In The Social World of the Babylonian Priest, Bastian Still presents a comprehensive study of the priestly community of Borsippa during the Neo-Babylonian and early Persian Empires (ca. 620-484 BCE). By examining patterns of marriage, landholding, moneylending, and friendship, he provides an intimate account of the daily life of the Babylonian priesthood beyond the temple walls and develops a more sophisticated understanding of the organisation of ancient Babylonian society as a whole. Combining the use of social network analysis, anthropological studies, and sociological concepts concerned with kinship, tie strength, social boundaries, and identity formation, Bastian Still’s interdisciplinary approach transcends the traditional boundary of cuneiform studies and enables the field of Assyriology to contribute to a more general socio-historical discourse.

The Manasseh Hill Country Survey Volume 5

The Middle Jordan Valley, from Wadi Fasael to Wadi ‘Aujah

Series:

Adam Zertal Z"l and Shay Bar

The book presents the results of a complete detailed survey of the eastern region of Samaria, mainly the Middle Jordan Valley, within the territory of Israel/Palestine. It is Volume 5 of the Manasseh Hill Country Survey publications. This project, in progress since 1978, and covering 2500 sq. km, is a thorough, metre-by-metre mapping of the archaeological-historical area between the River Jordan and the Sharon Plain, and between Nahal 'Iron and the north-eastern point of the Dead Sea. This territory is one of the most important in the country from the Biblical and archaeological view; and the survey is a valuable tool for scholars of the Bible, archaeology, Near Eastern history and other aspects of the Holy Land.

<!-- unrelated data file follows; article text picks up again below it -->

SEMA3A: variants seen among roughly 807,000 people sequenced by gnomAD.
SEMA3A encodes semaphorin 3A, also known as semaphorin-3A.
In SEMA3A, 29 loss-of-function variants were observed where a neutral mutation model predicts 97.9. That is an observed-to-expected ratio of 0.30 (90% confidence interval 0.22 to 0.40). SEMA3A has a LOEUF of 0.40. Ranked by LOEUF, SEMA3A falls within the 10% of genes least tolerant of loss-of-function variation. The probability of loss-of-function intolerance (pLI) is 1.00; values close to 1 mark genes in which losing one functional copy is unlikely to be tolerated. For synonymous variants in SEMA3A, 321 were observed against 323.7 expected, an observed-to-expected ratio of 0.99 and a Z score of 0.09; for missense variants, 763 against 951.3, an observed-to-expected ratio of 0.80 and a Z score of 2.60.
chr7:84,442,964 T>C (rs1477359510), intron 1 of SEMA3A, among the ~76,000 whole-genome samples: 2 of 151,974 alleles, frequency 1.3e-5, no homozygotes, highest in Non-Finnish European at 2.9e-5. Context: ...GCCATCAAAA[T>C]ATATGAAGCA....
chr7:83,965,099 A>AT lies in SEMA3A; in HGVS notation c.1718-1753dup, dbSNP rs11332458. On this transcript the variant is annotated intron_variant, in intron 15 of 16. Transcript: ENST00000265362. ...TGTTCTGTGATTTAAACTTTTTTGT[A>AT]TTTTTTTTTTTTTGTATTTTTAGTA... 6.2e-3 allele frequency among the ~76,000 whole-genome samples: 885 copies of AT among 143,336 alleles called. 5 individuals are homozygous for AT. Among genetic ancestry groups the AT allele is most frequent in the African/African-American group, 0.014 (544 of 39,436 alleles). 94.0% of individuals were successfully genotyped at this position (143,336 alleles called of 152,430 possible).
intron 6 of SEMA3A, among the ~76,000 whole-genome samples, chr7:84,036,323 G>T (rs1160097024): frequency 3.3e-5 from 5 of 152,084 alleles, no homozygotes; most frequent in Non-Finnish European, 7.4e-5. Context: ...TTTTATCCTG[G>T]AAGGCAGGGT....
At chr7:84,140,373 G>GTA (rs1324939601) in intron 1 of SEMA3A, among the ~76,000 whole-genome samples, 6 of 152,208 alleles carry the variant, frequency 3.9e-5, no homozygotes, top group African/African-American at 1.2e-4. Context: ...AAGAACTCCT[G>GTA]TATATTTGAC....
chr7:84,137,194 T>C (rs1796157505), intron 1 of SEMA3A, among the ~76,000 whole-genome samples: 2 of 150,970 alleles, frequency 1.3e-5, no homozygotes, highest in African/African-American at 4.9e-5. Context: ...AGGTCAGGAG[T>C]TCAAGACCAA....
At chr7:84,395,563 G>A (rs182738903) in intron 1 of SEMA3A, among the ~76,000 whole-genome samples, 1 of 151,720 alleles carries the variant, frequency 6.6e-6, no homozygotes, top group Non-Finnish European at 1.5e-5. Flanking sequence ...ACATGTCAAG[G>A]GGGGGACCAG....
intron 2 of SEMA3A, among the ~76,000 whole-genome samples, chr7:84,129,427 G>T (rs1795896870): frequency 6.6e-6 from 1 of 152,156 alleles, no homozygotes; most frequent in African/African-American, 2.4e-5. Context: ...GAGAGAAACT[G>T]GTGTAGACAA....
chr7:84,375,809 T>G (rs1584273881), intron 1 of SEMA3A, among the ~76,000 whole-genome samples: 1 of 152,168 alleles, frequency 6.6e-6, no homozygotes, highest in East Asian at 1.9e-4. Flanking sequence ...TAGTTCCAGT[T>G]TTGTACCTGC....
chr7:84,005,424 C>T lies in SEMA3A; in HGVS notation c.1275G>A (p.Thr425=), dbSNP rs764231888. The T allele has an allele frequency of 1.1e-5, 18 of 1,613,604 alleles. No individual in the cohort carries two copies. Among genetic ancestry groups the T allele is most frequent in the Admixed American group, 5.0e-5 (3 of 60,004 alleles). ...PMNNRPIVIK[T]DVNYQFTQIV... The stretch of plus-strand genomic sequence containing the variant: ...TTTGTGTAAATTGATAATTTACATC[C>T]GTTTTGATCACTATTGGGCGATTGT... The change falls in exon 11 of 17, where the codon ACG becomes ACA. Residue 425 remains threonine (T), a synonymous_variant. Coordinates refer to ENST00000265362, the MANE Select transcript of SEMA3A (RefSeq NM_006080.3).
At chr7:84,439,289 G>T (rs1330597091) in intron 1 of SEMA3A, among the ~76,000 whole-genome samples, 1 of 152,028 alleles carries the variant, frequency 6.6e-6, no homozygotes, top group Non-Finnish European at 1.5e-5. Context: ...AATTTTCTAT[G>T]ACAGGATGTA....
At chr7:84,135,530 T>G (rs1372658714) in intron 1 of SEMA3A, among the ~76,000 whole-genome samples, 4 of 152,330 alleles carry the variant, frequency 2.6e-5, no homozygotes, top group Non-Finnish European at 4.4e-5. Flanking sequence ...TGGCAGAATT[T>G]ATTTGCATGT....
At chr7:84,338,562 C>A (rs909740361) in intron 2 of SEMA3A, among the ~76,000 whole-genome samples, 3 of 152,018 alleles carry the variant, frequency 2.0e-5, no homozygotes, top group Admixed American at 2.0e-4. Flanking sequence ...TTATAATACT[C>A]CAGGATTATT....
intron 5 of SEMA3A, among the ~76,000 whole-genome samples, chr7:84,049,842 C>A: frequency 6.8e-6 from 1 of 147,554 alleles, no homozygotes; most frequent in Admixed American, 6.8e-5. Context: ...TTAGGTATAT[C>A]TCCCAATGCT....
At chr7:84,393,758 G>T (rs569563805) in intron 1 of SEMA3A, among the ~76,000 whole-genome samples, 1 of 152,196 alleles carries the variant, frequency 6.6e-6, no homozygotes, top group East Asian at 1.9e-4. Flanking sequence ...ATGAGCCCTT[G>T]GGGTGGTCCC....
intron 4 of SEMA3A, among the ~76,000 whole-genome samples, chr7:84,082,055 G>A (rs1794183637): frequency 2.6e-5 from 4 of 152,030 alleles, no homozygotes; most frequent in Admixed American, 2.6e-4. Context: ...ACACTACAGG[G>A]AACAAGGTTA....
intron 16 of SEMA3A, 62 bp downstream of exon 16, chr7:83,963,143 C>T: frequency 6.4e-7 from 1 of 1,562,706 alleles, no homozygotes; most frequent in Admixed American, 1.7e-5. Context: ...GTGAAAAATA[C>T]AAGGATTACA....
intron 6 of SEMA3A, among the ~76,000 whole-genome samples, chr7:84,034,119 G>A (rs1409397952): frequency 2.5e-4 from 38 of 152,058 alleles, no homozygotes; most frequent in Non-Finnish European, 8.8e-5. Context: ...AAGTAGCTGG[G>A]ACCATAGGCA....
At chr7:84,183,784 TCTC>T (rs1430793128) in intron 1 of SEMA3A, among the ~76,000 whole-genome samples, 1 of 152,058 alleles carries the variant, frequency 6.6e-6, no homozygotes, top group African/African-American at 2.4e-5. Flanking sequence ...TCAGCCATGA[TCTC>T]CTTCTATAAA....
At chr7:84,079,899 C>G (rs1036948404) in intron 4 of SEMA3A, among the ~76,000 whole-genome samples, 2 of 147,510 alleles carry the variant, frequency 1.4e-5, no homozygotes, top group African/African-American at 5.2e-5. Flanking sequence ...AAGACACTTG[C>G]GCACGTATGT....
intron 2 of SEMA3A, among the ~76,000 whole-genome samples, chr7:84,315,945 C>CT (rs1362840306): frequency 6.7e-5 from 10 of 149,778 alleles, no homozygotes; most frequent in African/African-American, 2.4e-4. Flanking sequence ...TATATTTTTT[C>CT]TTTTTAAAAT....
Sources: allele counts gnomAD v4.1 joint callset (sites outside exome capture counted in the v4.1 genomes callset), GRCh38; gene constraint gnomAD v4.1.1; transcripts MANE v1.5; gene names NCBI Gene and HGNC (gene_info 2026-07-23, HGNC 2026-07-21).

This volume describes the area of the Jordan Valley between Wadi Fasael in the north and Wadi 'Aujah in the south. It is a fully revised and updated version of the Hebrew publication of 2012.

Aramaic Graffiti from Hatra

A Study Based on the Archive of the Missione Archeologica Italiana

Series:

Marco Moriggi and Ilaria Bucci

Graffiti are an often neglected but crucial witness to everyday life of ancient civilizations. The Aramaic graffiti from Hatra (North Iraq) can make an invaluable contribution in this sense, distributed as they were in various buildings throughout this city which flourished between the 1st and the 3rd century AD. Thanks to an effective interaction between epigraphy and archaeology, Marco Moriggi and Ilaria Bucci offer a thorough analysis of the Aramaic graffiti from Hatra as documented by the Archive of the Missione Archeologica Italiana (Turin). In addition to the edition of 48 published and 37 unpublished graffiti, this study further includes the concordances of numbers of all Hatran texts published so far and full archaeological information about the graffiti.

Michael Bányai

Abstract